Saturday, 26 October 2013

Tweeddale Twitter Tasting


LAST week I was lucky enough to be selected to take part in a Twitter tasting - an event I had witnessed several times but never had the chance to take part in. It was organised by Steve Rush from The Whisky Wire and Alasdair Day of Tweeddale and it was a corker of a night. We had four batches to try and everyone involved agreed that all four drams were something special. What made the event so much fun was hearing everyone's opinions. This helped me identify certain tastes and smells I couldn't quite put my finger on and I found it to be an enjoyable and educational evening. Here are my notes from the night and a wee bit about the whiskies themselves.

Tweeddale Batch 1: 10 years old, bottled at 46%
This was created from one single grain whisky and eight single malts between 10 and 21 years old from the four regions of Scotland: Lowlands, Highlands, Speyside and Islay.

Nose: Initially there's lemons, vanilla, grapefruit, slight smoky peat and a dusting of cocoa powder. But as it settles down, the aromas evolve to reveal raspberry, cinnamon, apples, grass and a biscuity note which brought to mind fig rolls.

Palate: Sweet arrival, with raisins, toffee, dark autumn fruit, cloves, a wee bit of grass and a slight smoky peatiness.

Finish: Fresh ginger, pepper and a hint of spice, while a lovely fruity note runs all the way through.

Tweeddale Batch 2: 12 years old, bottled at 46%
This has the same grain whisky as Batch 1 but this is 15 years old from a sherry butt. The seven single malts used in this blend are also from the same casks as Batch 1 but are between 12 and 21 years old.

Nose: Much richer than Batch 1. Polished wood, raisins, leather and Lockets cough sweets. Blackberry, red and black jelly babies, salt, damp leaves, kiwi and passion fruit, pomegranate, plum jam, slightly earthy, icing sugar, orange, root beer and pencil shavings.

Palate: Sweet, almost jam-like. Toffee, vanilla, rich honey, toffee apples, dry wood, caramel.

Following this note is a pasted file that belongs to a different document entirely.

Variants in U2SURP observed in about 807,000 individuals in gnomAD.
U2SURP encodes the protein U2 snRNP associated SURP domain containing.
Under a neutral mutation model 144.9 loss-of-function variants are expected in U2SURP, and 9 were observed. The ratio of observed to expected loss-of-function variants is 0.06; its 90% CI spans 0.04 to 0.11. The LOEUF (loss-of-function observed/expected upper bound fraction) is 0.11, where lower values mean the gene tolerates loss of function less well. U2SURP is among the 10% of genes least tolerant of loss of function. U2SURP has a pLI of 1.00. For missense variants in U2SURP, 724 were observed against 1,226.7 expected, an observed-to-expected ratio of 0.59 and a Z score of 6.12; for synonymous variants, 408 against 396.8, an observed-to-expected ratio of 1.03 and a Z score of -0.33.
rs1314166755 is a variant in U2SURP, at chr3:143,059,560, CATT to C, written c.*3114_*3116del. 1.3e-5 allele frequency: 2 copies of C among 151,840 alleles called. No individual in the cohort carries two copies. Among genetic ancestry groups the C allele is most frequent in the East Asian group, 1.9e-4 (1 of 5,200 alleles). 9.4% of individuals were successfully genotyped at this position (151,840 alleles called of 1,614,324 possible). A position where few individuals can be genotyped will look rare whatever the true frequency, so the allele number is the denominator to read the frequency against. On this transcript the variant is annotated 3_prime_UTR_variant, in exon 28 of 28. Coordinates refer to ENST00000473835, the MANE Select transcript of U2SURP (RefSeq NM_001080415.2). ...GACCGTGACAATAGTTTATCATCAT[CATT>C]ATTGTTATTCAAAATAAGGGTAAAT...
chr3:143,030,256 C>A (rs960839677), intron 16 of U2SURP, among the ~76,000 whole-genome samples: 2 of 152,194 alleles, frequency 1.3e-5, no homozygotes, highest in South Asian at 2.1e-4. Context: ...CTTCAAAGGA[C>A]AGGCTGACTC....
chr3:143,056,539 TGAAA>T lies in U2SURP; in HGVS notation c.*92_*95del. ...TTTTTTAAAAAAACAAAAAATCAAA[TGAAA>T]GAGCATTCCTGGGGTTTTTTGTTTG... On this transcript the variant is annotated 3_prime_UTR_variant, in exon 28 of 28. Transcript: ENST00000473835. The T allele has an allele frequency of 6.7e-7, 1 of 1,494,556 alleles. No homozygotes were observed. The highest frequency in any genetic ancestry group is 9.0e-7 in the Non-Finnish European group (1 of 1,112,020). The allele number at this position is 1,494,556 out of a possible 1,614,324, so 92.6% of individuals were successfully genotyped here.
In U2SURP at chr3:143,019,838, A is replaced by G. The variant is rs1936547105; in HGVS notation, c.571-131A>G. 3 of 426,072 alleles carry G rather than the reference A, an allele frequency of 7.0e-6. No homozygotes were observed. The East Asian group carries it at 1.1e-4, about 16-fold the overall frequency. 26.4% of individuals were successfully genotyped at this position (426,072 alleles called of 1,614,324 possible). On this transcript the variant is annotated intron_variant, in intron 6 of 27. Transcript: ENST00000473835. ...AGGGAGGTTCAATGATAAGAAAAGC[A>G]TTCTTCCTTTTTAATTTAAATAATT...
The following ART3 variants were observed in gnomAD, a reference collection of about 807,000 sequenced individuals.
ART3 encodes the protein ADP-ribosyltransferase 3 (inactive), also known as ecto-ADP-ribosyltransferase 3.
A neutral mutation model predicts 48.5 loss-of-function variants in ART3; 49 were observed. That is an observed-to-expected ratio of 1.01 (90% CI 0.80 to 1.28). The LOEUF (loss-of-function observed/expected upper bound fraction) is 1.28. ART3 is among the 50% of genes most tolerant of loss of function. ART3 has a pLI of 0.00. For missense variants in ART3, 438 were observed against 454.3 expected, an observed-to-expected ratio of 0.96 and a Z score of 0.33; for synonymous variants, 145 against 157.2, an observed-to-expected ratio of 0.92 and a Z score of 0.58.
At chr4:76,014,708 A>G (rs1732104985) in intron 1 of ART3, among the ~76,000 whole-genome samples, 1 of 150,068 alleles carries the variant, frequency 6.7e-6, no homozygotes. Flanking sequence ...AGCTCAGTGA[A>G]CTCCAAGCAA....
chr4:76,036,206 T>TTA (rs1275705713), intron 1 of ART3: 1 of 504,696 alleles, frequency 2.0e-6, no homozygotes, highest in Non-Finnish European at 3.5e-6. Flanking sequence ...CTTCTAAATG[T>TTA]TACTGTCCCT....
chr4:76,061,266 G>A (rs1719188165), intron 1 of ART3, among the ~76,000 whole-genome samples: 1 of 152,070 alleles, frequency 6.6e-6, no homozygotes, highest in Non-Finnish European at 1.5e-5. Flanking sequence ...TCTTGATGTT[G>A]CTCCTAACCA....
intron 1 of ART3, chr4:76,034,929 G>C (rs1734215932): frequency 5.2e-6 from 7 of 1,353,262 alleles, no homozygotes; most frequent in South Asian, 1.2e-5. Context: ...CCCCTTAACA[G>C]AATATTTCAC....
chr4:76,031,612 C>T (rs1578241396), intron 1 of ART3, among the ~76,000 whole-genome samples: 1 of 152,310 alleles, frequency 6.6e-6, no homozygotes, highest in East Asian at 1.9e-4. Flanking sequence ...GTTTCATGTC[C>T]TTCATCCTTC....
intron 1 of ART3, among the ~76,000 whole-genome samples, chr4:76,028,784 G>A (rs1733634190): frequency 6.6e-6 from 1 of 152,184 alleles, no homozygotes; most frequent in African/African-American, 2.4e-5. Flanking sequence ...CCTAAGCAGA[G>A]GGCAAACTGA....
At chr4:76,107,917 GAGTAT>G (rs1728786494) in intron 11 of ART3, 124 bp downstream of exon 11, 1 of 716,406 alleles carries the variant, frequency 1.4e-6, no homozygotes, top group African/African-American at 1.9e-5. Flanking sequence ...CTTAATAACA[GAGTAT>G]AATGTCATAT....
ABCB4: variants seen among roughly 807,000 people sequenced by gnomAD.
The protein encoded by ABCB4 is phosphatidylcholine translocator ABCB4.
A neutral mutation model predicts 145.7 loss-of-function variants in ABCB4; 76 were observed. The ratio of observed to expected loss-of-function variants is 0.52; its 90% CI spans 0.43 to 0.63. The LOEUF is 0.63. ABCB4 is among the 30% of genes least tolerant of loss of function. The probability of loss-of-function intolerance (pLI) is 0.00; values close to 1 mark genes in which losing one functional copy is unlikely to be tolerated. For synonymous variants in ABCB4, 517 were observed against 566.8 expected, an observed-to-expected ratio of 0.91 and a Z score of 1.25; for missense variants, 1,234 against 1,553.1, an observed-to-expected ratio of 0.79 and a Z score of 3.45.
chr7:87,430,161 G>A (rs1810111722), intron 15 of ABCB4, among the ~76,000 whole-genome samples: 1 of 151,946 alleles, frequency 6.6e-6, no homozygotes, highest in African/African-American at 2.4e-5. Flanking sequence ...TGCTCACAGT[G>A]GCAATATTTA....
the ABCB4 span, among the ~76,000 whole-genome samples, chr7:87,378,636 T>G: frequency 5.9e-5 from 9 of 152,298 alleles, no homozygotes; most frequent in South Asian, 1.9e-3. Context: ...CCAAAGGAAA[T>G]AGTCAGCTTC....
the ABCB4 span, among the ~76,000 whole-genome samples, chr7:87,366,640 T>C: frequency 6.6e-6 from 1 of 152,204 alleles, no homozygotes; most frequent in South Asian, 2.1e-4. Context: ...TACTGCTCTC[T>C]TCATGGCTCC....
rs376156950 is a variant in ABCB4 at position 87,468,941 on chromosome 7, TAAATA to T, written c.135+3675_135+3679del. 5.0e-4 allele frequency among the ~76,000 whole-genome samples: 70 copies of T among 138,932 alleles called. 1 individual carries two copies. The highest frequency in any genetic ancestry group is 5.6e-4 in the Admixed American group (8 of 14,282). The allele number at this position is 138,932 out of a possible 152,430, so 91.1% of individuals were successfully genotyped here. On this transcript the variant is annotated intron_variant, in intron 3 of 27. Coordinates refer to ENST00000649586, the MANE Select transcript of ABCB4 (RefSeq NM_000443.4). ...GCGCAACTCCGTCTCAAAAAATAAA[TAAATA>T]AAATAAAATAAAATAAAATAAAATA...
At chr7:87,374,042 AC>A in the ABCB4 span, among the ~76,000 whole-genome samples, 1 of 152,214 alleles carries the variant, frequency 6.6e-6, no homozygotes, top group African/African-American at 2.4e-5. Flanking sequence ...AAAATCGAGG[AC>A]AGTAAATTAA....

Finish: Vanilla and strawberry jam with a wee dab of liquorice.

Tweeddale Batch 3: 13 years old, bottled at 46%
This features the same single grain as before but it's 18 years old from sherry butts. Seven of the single malts used are from the same casks as Batch 1 and 2 but are a year older. The core malt is 14 years old from a different cask.

Nose: Porridge with a swirl of strawberry jam, lots of cinnamon, herbal, butter icing, apples, dried fruits - specifically yogurt-covered banana slices.

Palate: Almost cake-like, with lots of sweet jam, brown sugar, honey, orange and there's a fizzy confectionery note - I'm thinking of a packet of Refreshers.

Finish: Sweet and warming with a biscuity note similar to Ginger Snap biscuits.

Tweeddale Batch 4: 14 years old, bottled at 46%
The single grain here is slightly younger - 16 years old. Seven of the single malts are from the same distilleries and same casks as before. The Lowland malt was matured in an Islay cask.

Nose: Rich and full-bodied with the same lovely fruity jam note as batches 1, 2 and 3. White wine, very floral, malt loaf, ginger ale, raspberry panacotta, pepper, gooseberry, sherbet lemons, sherbet Dib-Dabs and fruit salad chewy sweets.

Palate: Lots of fruity jam again, but it's slightly softer here. Black pepper, blackberry, wine gums and strawberry Chewits.

Finish: Liquorice, lots of autumnal fruits and a hint of spice.

As you can see, all four have a lot going on and they all have a wonderful fruit jam note which is utterly delicious. If I had to pick one, it would have to be Batch 2, but it's a very close call. I was so impressed with the Tweeddale range that I bought a bottle of Batch 3 yesterday which I'll save for a wee while, especially as there are only 300 clanking around the UK - most were sent to the US and Canada.

I would also just like to thank everyone who took part in the Twitter tasting and to Steve and Alasdair for organising the event. If you see a bottle of Tweeddale out in the wild, don't hesitate and buy it straight away.

Let's hear it for the blends! 

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